Common Assembly: Deterritorializing the Palestinian Parliament
by DAAR, Palestine 2011, 14 '
CAMERA: Cressida Kocienski, Ghassan Bannoura    LANGUAGE: English 
EDITING: Cressida Kocienski, Ghassan Bannoura    

Schermo dell'Arte - Archivio Film
Presented at Lo schermo dell'arte Film Festival 2015

This video by DAAR (Decolonizing Architecture Art Residency) illustrates a reflection on the building that was to have become the Palestinian Parliament (but which was never used), on the outskirts of Jerusalem. The search for the structure’s true geographic location represents the beginning of the collective’s thorough study of the spaces set aside for political participation, intended to represent the geographic, political and social conditions of a community’s extra-territoriality. Inside the currently abandoned building, the act of reconstructing the borderline between Palestine and Israel demarcates a precise non-place. The passage from cartographic space to real space finds material and identificational repercussions in the community, and becomes a metaphor for historic and existential suspension, and deep uncertainty: the seemingly fine red line drawn on maps is thus transformed into a real place with strong visual and aesthetic impact, and becomes a genuine spatial concept.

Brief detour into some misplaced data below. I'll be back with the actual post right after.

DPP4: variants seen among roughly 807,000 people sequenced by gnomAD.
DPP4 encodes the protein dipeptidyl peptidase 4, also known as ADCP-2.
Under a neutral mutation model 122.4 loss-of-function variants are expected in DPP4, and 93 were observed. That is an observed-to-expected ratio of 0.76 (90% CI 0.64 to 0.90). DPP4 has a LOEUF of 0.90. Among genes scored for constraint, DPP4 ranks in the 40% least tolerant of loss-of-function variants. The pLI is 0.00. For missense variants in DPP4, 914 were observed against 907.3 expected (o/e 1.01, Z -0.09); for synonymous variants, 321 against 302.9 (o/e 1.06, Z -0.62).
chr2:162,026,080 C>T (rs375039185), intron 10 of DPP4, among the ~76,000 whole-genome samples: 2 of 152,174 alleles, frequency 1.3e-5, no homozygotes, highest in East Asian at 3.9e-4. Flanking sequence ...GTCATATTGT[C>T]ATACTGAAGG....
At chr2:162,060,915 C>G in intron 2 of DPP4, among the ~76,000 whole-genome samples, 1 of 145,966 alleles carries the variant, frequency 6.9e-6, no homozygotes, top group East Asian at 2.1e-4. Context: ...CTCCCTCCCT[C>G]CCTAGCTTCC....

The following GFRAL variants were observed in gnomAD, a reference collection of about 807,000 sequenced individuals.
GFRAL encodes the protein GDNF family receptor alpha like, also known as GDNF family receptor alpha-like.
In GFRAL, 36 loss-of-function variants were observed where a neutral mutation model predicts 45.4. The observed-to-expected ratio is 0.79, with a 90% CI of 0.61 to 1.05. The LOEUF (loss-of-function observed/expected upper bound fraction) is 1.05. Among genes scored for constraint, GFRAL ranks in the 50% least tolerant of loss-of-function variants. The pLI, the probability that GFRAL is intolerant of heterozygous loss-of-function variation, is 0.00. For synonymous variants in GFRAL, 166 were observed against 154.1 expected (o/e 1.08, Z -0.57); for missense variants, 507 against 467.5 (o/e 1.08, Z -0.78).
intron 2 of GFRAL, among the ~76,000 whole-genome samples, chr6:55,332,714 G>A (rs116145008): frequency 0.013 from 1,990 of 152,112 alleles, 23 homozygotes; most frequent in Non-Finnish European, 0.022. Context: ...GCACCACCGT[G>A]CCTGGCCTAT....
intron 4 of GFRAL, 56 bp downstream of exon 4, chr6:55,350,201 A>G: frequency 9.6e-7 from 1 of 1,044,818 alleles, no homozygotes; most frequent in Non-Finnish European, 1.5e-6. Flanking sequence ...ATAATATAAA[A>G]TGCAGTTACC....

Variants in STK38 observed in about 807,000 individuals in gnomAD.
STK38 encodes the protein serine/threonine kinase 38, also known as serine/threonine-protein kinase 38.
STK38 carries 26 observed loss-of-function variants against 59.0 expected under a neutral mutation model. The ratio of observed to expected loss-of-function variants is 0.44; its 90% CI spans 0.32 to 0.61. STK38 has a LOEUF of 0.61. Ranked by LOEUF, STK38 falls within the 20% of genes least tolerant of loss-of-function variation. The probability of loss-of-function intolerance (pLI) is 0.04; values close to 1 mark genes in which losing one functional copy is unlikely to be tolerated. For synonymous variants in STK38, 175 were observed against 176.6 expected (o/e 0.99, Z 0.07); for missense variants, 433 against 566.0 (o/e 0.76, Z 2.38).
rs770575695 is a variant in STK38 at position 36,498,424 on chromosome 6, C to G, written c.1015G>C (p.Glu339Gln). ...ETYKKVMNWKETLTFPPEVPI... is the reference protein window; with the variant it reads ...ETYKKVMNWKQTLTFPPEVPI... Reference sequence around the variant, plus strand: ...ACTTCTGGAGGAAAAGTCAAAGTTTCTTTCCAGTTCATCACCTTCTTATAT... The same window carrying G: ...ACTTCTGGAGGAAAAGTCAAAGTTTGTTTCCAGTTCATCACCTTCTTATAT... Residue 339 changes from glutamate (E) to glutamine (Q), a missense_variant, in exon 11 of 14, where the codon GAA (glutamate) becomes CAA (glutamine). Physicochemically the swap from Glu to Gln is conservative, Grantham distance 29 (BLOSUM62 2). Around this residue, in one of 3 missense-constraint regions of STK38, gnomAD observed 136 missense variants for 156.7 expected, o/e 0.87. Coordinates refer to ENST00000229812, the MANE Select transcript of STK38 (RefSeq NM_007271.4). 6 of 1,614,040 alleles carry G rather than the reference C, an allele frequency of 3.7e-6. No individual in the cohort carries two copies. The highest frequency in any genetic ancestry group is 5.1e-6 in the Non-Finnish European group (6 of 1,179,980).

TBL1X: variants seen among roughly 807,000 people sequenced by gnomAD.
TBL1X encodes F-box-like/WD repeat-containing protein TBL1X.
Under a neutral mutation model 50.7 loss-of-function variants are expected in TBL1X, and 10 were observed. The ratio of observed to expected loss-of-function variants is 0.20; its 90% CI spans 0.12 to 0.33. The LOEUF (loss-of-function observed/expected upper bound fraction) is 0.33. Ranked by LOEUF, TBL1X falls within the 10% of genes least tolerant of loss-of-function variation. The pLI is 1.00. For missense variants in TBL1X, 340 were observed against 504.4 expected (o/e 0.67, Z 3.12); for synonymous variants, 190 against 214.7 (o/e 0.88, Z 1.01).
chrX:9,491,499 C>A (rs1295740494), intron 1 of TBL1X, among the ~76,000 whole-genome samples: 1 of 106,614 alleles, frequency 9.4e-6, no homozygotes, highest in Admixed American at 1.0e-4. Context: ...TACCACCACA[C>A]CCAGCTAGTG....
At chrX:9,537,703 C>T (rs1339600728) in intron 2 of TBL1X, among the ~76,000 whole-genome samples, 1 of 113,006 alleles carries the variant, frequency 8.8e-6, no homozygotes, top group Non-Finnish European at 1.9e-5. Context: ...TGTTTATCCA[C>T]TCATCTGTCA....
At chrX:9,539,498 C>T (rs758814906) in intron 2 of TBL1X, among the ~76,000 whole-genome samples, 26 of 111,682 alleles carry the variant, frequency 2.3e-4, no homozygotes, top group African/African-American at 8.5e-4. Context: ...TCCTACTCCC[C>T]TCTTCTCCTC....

DAAR (Decolonizing Architecture Art Residency)
An architectural Collective formed in Bethlehem in 2007, with headquarters in Beit Sahour, Palestine, DAAR works on the re-use and transformation of colonial architecture: from evacuated ex-military bases, to the transformation of refugee camps, unfinished government buildings, and the ruins of villages destroyed by war. Their works have been shown in many expositions, biennials and museums, including the Biennale di Venezia, the Istanbul Biennial, the Rotterdam Architectural Biennial, the Centre Pompidou in Paris, the Tate Modern, London. Their projects have been published in several international publications, including The New York Times, Artforum, Domus, Al Ayyam. In 2010, their group show won the Prince Claus Prize for architecture. 

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